Lisle's electoral board on Friday dismissed an objection that claimed Trustee Christy McGovern falsely signed her name to nominating petitions she didn't circulate.
But McGovern says she believes her political opponents will continue trying to have her removed from the April 4 ballot.
"It doesn't look like it's over," McGovern said. "We know who we're working with."
McGovern is one of seven candidates seeking three 4-year terms on the village board, including three challengers running as a slate with a village president hopeful.
In addition to McGovern, the other incumbents in the race are Anthony Carballo and Brad Hettich.
Meanwhile, the Prosperity for Lisle party challengers for trustee are Marie Hasse, Kelly Dixit and Albert Lazaro.
The seventh candidate, Kristy Grau, is running as an independent.
After McGovern submitted her 66-page nominating petition, Lisle residents MaryLynn Zajdel and Barbara Bielat filed an objection claiming McGovern illegally signed her name to at least nine pages of the petition. They contend the sheets were actually circulated by other people.
Under election law, the individual who personally gathers the signatures from registered voters must sign each page where those signatures appear.
"Candidate McGovern committed perjury and false swearing ... by falsely signing and swearing that she circulated various petition sheets," the objection reads.
Zajdel and Bielat also claim in their complaint that Trustee Carballo didn't collect 13 pages of McGovern's petition that he says he circulated.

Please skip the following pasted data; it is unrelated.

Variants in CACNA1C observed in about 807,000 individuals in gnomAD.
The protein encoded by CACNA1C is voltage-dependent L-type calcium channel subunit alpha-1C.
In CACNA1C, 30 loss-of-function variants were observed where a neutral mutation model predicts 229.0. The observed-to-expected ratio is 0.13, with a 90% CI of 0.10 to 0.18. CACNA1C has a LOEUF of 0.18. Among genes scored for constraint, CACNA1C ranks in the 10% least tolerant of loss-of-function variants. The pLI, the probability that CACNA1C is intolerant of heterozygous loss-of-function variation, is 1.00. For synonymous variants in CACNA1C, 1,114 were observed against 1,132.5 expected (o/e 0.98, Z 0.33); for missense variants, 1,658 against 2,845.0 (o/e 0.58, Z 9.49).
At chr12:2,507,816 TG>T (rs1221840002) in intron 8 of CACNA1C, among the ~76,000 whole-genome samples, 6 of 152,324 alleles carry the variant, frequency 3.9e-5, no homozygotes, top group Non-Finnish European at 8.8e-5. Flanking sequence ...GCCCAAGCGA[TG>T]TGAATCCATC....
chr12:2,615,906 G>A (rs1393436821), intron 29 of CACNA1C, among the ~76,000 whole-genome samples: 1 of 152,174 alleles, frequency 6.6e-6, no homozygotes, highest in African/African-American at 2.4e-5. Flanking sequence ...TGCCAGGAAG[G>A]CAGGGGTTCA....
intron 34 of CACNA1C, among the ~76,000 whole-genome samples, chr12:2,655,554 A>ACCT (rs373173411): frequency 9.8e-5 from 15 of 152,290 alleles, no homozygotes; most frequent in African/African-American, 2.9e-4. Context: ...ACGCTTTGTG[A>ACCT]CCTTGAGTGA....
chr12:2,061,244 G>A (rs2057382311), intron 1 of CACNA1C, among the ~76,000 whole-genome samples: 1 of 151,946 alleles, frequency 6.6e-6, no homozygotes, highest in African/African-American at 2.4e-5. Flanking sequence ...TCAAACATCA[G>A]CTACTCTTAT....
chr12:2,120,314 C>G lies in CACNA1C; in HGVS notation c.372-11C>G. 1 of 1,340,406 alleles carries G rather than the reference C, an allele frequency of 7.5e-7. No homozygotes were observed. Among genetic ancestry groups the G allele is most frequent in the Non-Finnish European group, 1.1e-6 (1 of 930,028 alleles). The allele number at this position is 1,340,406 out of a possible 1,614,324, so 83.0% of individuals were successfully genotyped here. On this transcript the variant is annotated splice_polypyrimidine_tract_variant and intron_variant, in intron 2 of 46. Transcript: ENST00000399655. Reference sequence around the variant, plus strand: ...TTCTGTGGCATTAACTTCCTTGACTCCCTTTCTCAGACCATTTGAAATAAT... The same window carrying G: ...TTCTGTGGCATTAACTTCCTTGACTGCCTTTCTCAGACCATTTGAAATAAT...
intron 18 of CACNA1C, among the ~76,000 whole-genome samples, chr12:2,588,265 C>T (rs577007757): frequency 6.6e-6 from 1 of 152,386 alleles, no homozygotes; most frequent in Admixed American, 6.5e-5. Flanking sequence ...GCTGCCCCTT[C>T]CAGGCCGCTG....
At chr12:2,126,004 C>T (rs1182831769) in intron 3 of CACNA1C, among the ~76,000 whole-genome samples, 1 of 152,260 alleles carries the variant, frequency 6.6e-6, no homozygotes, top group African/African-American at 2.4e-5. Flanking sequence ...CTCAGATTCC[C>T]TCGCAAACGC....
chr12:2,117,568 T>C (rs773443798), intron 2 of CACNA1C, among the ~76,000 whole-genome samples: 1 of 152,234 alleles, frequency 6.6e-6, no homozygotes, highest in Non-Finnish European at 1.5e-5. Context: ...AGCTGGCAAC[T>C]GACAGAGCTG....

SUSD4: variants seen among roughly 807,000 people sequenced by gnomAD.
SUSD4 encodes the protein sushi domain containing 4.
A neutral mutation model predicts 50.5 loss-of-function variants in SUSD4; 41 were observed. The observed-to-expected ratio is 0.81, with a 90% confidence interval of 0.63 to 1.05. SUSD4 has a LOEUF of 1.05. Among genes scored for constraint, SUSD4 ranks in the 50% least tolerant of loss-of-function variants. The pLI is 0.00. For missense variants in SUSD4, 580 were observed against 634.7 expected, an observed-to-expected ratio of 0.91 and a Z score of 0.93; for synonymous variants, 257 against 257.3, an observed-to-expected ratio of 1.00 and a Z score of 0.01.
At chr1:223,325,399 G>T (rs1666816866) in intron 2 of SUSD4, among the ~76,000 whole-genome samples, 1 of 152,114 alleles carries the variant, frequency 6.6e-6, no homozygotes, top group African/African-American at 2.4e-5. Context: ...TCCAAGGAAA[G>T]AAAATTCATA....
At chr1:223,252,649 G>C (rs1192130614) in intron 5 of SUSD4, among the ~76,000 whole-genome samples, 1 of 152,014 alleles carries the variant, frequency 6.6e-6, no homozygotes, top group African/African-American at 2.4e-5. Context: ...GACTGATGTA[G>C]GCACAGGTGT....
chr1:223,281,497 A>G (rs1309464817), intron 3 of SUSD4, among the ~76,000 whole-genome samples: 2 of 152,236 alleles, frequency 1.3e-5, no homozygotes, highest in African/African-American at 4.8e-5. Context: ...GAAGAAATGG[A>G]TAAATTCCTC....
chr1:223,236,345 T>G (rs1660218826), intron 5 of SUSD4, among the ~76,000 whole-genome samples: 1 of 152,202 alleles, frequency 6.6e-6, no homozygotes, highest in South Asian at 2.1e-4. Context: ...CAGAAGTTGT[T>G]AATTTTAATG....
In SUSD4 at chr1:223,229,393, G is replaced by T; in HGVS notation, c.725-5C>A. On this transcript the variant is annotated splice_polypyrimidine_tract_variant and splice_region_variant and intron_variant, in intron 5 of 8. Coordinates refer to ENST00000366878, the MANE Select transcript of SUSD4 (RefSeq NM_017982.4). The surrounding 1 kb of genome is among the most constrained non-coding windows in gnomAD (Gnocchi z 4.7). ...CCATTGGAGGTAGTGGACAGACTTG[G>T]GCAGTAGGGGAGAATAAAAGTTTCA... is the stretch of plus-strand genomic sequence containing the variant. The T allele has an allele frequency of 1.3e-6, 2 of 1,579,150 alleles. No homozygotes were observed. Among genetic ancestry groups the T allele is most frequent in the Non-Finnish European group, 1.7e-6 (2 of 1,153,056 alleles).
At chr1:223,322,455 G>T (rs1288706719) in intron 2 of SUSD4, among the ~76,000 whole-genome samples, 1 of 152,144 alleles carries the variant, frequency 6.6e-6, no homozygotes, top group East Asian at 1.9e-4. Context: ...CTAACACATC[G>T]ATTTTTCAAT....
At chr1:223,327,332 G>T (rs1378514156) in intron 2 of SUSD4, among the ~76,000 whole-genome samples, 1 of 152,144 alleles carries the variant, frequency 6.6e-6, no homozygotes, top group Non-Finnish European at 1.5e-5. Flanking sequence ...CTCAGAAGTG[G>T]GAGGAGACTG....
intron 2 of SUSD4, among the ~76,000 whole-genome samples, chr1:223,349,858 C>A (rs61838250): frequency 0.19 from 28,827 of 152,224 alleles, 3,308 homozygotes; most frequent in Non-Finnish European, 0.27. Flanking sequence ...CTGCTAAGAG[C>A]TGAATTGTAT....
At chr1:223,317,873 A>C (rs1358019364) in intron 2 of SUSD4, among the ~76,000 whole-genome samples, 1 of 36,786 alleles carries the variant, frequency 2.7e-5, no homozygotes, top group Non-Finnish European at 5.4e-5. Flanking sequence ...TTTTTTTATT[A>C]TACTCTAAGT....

But during Friday's electoral board hearing, McGovern's attorney said the claims in the objection are false.
"Were this matter to go to an evidentiary hearing, we would present evidence that Carballo and the candidate did indeed circulate and were present for the signatures placed on each and every one of their petition sheets," attorney John Fogarty said.
Lisle's electoral board didn't review any evidence, however, because the three-member panel unanimously agreed to dismiss the objection.
The panel -- featuring Mayor Joe Broda, Trustee Mark Boyle and Village Clerk Timothy Seeden -- dismissed the objection after being told by a village attorney that McGovern still would have enough valid signatures to stay on the ballot even if all the challenged pages of her petition were tossed.
To run, McGovern needs 91 valid signatures. Of the 559 signatures on her petition, 289 are on pages that weren't challenged.
Still, Frank Avila -- the attorney representing Zajdel and Bielat -- said he will talk to his clients to see if they want to appeal the ruling in circuit court.
Avila said he believes McGovern's nomination papers should be dismissed in their entirety.
He said he also was disappointed that Broda, Boyle and Seeden refused to recuse themselves from the case.
"This board is politically aligned in supporting the candidate," Avila said. "They should have recused themselves to give this a fair hearing."
After the hearing, Christopher Pecak, the Prosperity for Lisle's mayoral candidate challenging Broda, emailed a statement saying government officials "should be held to the highest moral and ethical standards."
He said affidavits Lisle residents submitted in the case "are extremely concerning." Avila provided copies of affidavits from three residents who say McGovern wasn't present when they signed her petition.
"We, Prosperity for Lisle, are running to restore the people's trust in government in Lisle," Pecak wrote.
McGovern said she believes the challenge to her candidacy is tied to Pecak's slate. She accused the group of using "bullying tactics."
"They're making many false allegations," McGovern said. "I'm supported by 559 residents that would like to see me on the ballot in April. And I believe they're obstructing the choices of Lisle citizens."